'cos the problem is yours and not mine.
I'm fine!

If you own a freehold apartment or villa
Your maximum stay's just a hundred'n'eighty days.
Then leave for a month, save up dirhams two grand
To buy a new visa to live in Sandland.

You wonder why
Don't buy Dubai?
My, how it goes awry!
Oh, the confusion,
'til from on high
Comes a missive that should clarify
Just why
To buy.


The original music and lyrics, by Ted Dicks and Myles Rudge, were made famous in 1965 by Ronnie Hilton.


Monday, May 04, 2009

Skywalker Day

It is with much delight that I note this year at least, the UK has declared a public holiday on Luke Skywalker Day. Celebrations are of course in order.

Excessive levels of celebration are however not recommended.


Friday, May 01, 2009

Thought of train

The usual routine for holiday travel plans in the UK involves car rental, collection of the vehicle from and return to the airport, and a lot of petrol being turned into pollution. Last year I realised that it would be futile to rent a car and pay £35 per day to have it standing idle and unloved for several days, so I decided to give public transport a whirl and, after learning that rail travel between Heathrow Airport and Plymouth was prohibitively expensive, I took a National Express coach.

Later this month I’ll be travelling again. Beloved Wife has to stay and work, otherwise we’d be renting a car for sure. I thought I’d give rail travel another try after discovering last time that coach drivers enjoy tailgating small cars on the motorway, coach seats are titchy, and there’s no room for any luggage in the cabin. Plus, the coach service from Heathrow was over three hours late “like it is every Friday.”

I was pleasantly surprised to learn that I could book my train tickets on line. I could even select aisle or window, table, electricity supply, direction to face, near the loo, et cetera. Unfortunately it all went wrong when it came to the bit about obtaining the ticket. The Train Line is incapable of e-ticketing. Options on offer are to collect the pre-paid ticket from a machine at the station, or to have it mailed or couriered to a UK address. The only option available for an international traveller - and there are one or two of these milling around Heathrow - is to collect the ticket immediately before boarding the train.

Problem: No ticket machine at Heathrow. Obviously, no-one has ever flown in from abroad and wished to continue his journey by rail, leastways not from Heathrow. Leeds, Glasgow, Birmingham or Bristol airports don’t have this problem. The Heathrow idiocy is caused by various parts of the journey being operated by differing rail companies.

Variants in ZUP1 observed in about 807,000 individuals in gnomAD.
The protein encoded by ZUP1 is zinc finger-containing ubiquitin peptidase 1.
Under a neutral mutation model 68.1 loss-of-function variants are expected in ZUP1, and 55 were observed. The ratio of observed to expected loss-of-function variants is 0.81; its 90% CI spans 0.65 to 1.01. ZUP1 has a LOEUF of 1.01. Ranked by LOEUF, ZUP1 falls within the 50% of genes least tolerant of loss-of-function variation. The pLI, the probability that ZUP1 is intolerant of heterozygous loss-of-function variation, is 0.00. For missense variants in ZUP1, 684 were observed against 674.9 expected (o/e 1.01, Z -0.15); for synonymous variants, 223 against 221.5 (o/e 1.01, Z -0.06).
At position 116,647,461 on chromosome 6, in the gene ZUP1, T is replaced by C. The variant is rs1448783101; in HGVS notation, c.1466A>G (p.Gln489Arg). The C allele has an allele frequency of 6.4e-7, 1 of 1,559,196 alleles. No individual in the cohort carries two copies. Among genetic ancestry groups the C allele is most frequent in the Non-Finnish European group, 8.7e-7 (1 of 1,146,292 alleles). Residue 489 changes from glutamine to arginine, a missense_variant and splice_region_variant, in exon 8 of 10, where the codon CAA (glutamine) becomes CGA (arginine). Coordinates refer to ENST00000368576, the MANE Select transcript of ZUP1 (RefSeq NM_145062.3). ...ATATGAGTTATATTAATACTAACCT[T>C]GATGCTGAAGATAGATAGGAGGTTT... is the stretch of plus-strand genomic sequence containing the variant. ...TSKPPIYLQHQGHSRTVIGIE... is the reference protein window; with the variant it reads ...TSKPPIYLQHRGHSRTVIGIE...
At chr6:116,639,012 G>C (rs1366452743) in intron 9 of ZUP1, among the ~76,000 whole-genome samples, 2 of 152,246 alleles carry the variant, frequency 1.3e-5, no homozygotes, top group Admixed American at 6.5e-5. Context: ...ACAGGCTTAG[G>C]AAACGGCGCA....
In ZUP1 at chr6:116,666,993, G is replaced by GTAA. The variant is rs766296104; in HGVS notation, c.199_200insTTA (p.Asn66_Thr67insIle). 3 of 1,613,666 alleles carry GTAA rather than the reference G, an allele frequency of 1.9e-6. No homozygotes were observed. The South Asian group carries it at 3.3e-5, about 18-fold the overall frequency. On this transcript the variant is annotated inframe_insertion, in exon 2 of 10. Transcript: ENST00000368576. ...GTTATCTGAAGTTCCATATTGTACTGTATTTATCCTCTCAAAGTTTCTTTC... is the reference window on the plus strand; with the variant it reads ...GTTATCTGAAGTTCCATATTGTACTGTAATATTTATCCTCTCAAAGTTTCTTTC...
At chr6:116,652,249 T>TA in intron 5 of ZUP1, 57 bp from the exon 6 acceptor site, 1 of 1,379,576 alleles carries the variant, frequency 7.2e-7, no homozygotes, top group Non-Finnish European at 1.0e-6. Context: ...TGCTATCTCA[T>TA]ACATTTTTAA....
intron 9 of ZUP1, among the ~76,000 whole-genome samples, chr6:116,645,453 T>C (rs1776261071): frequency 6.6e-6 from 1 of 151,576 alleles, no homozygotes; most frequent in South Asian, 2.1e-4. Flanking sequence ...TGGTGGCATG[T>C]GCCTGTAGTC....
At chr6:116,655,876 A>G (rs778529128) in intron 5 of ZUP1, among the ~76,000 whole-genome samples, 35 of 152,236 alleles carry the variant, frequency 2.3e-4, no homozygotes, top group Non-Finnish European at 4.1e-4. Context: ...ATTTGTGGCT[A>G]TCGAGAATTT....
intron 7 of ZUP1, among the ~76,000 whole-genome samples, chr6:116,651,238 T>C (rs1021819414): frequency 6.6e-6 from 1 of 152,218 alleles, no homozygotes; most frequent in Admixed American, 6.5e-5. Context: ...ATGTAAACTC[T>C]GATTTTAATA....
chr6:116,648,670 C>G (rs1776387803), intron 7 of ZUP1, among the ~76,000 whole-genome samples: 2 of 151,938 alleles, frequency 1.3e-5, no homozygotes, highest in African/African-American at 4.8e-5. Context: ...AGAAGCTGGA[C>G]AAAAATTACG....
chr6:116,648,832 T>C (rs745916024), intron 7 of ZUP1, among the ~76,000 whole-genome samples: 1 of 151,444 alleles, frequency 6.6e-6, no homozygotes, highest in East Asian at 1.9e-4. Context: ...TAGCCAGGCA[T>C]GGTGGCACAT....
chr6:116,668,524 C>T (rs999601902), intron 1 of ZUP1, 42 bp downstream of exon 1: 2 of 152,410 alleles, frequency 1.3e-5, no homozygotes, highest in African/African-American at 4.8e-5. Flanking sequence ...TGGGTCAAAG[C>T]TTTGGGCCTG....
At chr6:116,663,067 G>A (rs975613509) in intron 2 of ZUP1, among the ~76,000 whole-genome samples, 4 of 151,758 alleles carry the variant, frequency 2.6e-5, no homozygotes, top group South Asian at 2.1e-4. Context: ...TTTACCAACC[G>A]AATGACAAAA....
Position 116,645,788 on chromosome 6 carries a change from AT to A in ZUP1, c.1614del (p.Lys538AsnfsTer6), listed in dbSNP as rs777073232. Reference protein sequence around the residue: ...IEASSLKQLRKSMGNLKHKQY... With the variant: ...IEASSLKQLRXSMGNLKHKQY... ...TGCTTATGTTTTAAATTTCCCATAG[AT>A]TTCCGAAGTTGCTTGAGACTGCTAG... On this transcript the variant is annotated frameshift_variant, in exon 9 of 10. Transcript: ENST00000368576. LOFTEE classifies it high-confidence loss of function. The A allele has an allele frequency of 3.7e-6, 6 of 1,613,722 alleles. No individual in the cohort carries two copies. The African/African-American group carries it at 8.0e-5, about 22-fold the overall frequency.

I contacted The Train Line’s telephone helpdesk. A kind lady in Delhi told me that the only option was to buy my ticket upon arrival at the station. According to the website, that would cost an extra £46 each way. The email helpline wasn’t much better. I was advised that:
    “The nearest station to Heathrow Airport is Reading which has a Self Service Ticket Machine, therefore, you can retrieve your tickets from the Reading station.”
I’m glad that's clear. I have to get from Heathrow to Reading. But how? By train? Bus? Helicopter? Rollerskates? Could I collect the ticket at London Paddington, I asked. I suggested that perhaps I could board the train at Heathrow without holding a ticket (although I had paid for one and would have a printout of the web page), alight at Paddington, collect my ticket for the whole Heathrow - Paddington - Plymouth journey at Paddington and continue my journey.

Er, no.
    “I would like to inform that you need a valid ticket, before boarding the train. It is possible to collect the whole ticket from the London Paddington station. However, you will not be allowed to board the train without the ticket on the first part of the journey.
    Hence, please book the ticket at the station on the day of travel.
    I hope this information is helpful.”
Indeed. About as helpful as a concrete lifebelt. I would have to make my own way to Paddington, collect the ticket, somehow get back to Heathrow, then use my ticket to travel on the Heathrow Express to Paddington in order to complete my journey.

I have at last solved the problem. It turns out after some on-line research that there are any number of ways to get between Heathrow and Paddington. The cheapest practical option is the Tube, at £4 each way, but it’s a pest when combined with suitcases. I simply booked two single tickets for the Paddington – Plymouth return journey using The Train Line, plus an open return on the Heathrow Connect rail service. In all, £20 less than attempting to do the whole thing through a one-stop shop.